"When things get tough, this is what you should do.
Make good art."
Neil Gaiman, the U.K.-born author of "Coraline" and "American Gods" among other works of literature, didn't go to college, let alone graduate from one. Instead, Gaiman, a self-described "feral child who was raised in libraries," engineered his own education as a writer [source: Gaiman].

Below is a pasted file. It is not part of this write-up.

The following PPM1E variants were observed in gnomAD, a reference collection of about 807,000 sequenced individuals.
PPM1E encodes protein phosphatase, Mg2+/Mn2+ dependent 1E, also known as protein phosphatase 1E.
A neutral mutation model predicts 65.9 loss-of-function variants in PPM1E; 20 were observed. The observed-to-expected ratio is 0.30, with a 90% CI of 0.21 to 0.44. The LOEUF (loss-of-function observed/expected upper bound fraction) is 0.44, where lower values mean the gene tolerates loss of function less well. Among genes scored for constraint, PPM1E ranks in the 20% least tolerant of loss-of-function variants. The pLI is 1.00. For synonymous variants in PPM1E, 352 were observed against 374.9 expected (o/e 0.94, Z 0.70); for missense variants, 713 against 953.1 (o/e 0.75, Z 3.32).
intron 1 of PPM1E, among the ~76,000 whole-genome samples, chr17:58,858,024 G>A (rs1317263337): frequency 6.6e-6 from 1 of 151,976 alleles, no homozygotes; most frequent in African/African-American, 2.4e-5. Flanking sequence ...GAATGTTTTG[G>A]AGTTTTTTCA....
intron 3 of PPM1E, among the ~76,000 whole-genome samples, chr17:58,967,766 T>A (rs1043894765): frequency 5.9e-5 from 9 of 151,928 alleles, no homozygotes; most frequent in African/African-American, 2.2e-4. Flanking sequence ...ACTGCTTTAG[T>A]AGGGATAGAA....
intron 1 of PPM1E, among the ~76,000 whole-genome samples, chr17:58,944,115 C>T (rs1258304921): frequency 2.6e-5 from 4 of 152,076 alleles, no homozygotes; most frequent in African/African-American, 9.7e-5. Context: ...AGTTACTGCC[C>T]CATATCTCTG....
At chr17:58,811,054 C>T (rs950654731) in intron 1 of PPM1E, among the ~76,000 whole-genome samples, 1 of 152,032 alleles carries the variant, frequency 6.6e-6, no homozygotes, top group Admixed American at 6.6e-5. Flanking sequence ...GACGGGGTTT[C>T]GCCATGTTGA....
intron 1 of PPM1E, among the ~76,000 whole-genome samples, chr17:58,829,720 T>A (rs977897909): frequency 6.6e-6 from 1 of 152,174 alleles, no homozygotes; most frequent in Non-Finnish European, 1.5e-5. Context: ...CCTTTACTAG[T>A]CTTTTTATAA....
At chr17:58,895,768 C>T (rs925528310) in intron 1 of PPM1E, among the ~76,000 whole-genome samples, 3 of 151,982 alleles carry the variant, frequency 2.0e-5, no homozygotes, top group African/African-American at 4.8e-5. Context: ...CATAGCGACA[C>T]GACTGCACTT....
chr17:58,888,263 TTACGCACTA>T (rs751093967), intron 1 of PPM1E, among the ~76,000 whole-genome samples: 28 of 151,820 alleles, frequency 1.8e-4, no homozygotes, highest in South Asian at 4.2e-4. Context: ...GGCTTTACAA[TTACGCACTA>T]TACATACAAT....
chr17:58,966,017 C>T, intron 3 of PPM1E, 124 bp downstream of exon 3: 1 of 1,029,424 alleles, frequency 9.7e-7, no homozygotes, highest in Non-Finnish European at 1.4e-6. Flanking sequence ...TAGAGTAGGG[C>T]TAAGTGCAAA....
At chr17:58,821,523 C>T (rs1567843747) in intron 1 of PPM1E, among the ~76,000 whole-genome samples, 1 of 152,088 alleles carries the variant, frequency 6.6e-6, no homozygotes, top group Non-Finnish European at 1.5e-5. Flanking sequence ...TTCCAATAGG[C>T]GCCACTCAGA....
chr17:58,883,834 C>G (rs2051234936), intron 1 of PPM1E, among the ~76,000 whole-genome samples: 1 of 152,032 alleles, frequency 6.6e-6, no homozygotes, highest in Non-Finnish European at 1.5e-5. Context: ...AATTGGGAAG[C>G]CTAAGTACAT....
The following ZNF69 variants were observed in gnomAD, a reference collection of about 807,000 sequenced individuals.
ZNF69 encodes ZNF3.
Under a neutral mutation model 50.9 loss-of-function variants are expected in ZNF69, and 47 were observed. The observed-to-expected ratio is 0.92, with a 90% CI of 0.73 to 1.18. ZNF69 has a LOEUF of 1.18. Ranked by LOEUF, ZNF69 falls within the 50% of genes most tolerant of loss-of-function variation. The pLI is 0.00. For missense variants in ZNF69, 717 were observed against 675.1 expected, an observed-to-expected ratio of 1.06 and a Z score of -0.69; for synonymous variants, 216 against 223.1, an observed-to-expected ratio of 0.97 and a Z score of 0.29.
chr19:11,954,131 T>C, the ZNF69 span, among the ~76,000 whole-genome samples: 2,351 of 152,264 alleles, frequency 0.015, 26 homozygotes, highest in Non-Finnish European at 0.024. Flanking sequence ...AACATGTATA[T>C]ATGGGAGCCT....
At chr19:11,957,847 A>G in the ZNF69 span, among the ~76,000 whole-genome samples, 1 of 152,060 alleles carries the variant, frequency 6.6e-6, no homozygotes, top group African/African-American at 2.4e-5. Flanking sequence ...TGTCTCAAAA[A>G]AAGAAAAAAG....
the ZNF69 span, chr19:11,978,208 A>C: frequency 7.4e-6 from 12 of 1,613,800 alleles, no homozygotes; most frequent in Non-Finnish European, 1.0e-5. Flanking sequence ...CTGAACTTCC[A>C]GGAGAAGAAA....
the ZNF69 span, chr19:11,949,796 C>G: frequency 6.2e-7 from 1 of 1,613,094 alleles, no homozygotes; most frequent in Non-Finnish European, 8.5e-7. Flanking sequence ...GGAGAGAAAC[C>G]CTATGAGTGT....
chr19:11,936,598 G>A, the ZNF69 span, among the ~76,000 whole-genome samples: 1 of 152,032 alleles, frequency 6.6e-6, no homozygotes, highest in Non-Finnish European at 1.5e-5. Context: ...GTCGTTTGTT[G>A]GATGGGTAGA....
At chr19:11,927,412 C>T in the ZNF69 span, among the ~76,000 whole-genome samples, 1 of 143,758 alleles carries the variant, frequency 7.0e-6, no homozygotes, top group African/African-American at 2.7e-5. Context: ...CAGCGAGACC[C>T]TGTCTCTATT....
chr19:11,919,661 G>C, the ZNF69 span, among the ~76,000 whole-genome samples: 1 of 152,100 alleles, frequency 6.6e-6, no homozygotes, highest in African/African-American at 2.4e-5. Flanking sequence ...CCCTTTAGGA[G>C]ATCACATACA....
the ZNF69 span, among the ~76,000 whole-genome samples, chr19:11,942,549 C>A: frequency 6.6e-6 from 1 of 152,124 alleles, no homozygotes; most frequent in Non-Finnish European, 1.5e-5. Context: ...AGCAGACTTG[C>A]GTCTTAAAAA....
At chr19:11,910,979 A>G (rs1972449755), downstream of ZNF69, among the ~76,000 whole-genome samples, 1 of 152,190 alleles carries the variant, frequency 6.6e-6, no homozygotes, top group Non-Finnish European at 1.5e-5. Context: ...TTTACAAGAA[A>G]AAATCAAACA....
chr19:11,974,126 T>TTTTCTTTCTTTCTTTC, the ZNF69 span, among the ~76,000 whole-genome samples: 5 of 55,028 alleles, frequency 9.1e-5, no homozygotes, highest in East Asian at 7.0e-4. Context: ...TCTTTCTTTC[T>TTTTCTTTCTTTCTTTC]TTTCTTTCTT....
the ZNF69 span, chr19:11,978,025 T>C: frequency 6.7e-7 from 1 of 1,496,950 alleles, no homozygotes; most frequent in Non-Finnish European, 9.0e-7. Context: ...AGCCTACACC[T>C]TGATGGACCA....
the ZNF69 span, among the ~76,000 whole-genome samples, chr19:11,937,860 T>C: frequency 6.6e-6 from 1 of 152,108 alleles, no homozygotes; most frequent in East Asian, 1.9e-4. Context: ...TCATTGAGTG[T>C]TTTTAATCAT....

Gaiman cautioned graduates that life could -- and would -- go wrong, and therein lay the best experiences.
He also gave some very practical advice on staying employed:
Life, Gaiman noted, is about making good art, no matter the disappointments -- or successes -- along the way. It turns out his commencement address was good art, too. It was published in book form just one year later [source: The University of the Arts].